The past two years have been difficult for the many Australian professionals juggling work and personal commitments through extended lockdowns. With job vacancies and worker confidence at record highs, employers are preparing to deal with the ‘great resignation’ as people seek change.
Looking back on the past couple of years, it’s been an exhausting experience. So many people have done a fabulous job of maintaining productivity under challenging circumstances, but mental health and general wellbeing have taken a hit.
We used to walk from one meeting room to the next in pre-pandemic office life. We travelled around to see customers or business partners, and sometimes we even met them for lunch or to chat over coffee. Much of our working experience since March 2020 has felt like a relentless cycle of video calls.
The pandemic experience has also been a time of reflection, with research showing that many workers are motivated interested in work-life balance than a pay rise or promotion. Our priorities have shifted.
There’s usually little movement in the Australian jobs market as we head into the holiday season, but high resignation rates will likely hit towards the end of March 2022. It’s clear that people want to retain the flexibility of making their day work for them, so this will be critical in retaining people. Employers who try to enforce a full-time shift back into the office will likely be hit hardest.
Turning challenge into opportunity
Since July, we’ve grown the Intuit Australia team by more than 50 full-time diverse and talented employees, despite our Sydney headquarters being in lockdown for most of that time. We’ve enhanced our excellent gender diversity reputation by hiring five more women in leadership roles while recruiting a slew of engineers at a time when competition for tech skills is higher than ever.
Our recent success in the jobs market has been enabled by the right mix of recruitment and retention strategies. Here are my tips for turning a highly mobile jobs market in your favour and avoiding a mass exodus of top talent during the ‘great resignation’ and beyond:
Consistent messaging and experiences – Make sure you’re telling a coherent story from the moment a candidate reads a job ad to when they join your business. You need to get them hooked on the employee value proposition. Tell them about your company culture, your commitment to their personal growth and development, how you plan to look after their health and wellbeing, and the impact they will have on the world.
Listen to what your people are saying – Be clear about the business priorities that will have the greatest positive impact on customers, then set realistic expectations for everything else with the mental health and wellbeing of your people at the centre. Know when to say “no” and when to push deadlines back to avoid burnout.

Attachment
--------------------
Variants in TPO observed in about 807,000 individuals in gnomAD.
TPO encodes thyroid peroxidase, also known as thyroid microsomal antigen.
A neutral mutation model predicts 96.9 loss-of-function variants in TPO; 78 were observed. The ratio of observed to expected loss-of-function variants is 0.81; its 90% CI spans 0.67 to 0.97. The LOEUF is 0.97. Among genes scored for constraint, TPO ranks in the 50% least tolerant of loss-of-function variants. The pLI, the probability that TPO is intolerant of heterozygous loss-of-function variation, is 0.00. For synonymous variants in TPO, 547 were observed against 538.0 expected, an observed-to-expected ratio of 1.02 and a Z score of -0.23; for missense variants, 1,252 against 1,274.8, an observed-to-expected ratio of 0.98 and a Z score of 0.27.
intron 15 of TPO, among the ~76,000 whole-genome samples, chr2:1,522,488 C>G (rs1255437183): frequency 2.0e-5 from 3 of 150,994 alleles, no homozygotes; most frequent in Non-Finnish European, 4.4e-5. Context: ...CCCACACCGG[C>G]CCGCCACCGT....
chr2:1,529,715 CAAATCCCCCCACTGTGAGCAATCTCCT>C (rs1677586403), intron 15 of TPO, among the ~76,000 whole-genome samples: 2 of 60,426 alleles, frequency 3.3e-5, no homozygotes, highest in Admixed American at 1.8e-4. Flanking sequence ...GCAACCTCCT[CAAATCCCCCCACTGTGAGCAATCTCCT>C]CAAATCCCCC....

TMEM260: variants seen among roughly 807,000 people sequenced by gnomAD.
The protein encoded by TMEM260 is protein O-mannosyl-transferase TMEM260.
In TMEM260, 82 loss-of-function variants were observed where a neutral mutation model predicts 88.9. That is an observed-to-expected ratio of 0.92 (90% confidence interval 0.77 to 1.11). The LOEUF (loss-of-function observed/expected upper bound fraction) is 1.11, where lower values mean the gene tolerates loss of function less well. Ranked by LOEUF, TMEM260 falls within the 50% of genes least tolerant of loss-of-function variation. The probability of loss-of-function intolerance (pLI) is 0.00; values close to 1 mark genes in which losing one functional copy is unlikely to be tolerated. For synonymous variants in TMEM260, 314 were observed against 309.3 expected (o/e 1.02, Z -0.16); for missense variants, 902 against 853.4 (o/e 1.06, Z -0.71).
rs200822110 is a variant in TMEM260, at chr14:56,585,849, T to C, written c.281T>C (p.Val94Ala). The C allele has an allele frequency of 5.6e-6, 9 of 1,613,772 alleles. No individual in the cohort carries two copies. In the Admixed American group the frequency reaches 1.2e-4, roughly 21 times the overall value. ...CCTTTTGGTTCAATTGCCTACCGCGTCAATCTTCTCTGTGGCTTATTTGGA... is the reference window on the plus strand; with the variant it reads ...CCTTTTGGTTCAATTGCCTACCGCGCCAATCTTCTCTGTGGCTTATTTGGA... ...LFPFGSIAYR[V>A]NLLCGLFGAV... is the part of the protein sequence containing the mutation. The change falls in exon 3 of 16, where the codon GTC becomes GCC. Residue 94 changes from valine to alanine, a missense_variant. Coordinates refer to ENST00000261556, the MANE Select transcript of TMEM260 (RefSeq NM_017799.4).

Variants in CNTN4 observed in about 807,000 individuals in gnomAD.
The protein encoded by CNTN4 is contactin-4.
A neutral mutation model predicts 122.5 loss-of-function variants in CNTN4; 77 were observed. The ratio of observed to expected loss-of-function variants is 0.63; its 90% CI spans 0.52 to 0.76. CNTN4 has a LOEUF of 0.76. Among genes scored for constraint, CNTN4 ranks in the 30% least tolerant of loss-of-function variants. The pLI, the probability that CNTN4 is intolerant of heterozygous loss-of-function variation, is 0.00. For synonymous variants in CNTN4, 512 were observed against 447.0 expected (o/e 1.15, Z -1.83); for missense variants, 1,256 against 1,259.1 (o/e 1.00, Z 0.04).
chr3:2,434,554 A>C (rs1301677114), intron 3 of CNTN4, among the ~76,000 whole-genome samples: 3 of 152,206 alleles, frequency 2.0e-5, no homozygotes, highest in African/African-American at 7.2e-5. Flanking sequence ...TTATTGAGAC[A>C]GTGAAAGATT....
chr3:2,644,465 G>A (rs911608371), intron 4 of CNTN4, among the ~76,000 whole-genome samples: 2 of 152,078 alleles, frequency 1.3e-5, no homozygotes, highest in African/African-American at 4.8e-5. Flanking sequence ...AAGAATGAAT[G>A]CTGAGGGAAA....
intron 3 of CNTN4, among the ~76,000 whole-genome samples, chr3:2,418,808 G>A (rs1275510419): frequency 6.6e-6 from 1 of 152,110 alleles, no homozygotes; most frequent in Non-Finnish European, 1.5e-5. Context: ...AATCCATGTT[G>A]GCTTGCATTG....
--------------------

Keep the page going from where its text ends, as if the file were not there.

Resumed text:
At Intuit, we have always emphasised the voice of employees, and now as we emerge from COVID and life changes, it has cemented the fact that this is perhaps even more integral to lead and operate with empathy at its core. We have applied a ‘go broad to go narrow’ approach that has allowed us to prioritise three workstreams that we identified through employee surveys, with the objective to gain a deeper understanding of our employee experience and identify measures to address our top opportunities at a leadership, team and individual level.
Let them know what they can do to help – Apart from mandating a return to the office, the other big mistake employers make is failing to give people visibility. It’s a bad idea to paint an unrealistic picture that everything is going well if it isn’t. People understand that there are challenges in the current climate and want to know their role in helping to overcome them. People don’t feel as connected as they did in the office, so double down on communication and bring them on the journey.
Create networks of like-minded people – Intuit Australia has a women’s network, a pride network and a charity foundation. These reflect our core values of diversity and inclusion. We’re currently looking at how to make our hiring process more suitable for neurodiverse candidates. What else could you do to attract a broader range of talent and enable them to do the best work of their lives?
Find new ways to reward people – Personal development isn’t just about earning a pay rise or a promotion. Find creative ways to help people develop new skills through stretch projects and new initiatives that give them room to experiment. Tailor a development approach that recognises the different priorities of individual people at various stages of their careers.
Business leaders are turning their attention to fuelling growth plans as we emerge from lockdown life but attracting and retaining the right people to achieve these goals will be a challenge during the next six months.
Those companies that provide consistent experiences, keep people connected and empower them to make a difference will emerge from the ‘great resignation’ in better shape than they entered it. Those that don’t should buckle up for a bumpy ride.
Read more: Let’s Talk: How to find and keep great staff